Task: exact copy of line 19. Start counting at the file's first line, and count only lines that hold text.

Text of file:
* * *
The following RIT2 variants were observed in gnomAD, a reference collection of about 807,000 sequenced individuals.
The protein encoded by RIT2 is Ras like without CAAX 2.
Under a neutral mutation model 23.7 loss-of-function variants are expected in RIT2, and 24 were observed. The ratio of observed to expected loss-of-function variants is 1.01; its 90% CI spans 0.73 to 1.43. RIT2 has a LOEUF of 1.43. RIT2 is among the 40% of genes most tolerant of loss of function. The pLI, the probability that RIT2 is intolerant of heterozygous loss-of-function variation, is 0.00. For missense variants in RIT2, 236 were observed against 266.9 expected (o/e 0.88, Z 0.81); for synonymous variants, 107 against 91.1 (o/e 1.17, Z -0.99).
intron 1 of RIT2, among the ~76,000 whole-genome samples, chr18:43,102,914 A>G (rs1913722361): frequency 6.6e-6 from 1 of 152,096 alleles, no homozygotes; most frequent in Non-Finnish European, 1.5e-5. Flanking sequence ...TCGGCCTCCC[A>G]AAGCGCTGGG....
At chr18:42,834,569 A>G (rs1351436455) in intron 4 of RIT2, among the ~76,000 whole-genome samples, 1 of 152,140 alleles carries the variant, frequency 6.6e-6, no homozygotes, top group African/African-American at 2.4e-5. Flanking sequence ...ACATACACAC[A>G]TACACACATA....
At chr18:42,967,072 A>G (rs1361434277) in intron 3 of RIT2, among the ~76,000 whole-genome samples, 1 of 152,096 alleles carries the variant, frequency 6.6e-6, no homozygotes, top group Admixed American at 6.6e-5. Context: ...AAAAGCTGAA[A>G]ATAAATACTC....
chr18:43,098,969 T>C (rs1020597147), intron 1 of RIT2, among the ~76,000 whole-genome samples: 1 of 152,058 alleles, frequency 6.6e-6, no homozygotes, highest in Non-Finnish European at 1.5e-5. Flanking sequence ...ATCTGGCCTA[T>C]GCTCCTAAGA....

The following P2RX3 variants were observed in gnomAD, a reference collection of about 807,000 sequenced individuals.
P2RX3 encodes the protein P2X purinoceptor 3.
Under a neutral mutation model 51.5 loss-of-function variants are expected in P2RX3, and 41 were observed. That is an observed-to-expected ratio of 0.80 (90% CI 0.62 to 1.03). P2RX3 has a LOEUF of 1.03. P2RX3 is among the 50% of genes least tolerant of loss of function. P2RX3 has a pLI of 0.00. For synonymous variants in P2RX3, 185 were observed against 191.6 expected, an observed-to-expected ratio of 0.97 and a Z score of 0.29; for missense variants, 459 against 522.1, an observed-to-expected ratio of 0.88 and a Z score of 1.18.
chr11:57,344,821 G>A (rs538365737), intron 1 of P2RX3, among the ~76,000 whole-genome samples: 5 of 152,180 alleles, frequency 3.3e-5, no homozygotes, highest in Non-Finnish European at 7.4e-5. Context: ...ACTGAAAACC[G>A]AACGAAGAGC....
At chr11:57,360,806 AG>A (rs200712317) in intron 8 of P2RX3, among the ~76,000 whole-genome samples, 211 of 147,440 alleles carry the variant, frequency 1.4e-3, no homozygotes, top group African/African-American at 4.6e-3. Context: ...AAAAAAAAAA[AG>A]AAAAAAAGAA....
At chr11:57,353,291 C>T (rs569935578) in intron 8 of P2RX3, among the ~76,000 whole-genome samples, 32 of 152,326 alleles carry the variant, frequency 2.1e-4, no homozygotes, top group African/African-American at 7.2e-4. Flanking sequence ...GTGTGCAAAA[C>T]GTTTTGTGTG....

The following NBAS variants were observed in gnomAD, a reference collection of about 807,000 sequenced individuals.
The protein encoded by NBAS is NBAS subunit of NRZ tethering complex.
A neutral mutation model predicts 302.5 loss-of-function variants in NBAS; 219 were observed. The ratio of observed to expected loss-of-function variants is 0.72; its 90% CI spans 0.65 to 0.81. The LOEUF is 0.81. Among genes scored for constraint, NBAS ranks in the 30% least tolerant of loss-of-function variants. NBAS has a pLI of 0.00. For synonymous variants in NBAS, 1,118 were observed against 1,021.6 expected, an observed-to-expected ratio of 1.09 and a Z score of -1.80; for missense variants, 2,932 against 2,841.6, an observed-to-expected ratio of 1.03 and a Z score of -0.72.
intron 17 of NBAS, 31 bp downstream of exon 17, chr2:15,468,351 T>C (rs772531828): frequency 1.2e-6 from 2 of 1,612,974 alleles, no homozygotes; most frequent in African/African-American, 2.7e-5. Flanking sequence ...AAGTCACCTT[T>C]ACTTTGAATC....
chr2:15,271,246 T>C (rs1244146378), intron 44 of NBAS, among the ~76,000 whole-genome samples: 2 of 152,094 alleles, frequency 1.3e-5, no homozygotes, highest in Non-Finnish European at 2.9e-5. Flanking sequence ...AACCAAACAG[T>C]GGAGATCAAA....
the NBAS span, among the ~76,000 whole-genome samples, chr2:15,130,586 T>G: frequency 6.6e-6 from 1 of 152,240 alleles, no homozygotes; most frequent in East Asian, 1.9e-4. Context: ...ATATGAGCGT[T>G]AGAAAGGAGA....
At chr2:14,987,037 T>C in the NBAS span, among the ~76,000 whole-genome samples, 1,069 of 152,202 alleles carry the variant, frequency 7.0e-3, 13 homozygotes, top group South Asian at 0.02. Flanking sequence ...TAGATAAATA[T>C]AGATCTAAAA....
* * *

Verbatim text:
the NBAS span, among the ~76,000 whole-genome samples, chr2:15,130,586 T>G: frequency 6.6e-6 from 1 of 152,240 alleles, no homozygotes; most frequent in East Asian, 1.9e-4. Context: ...ATATGAGCGT[T>G]AGAAAGGAGA....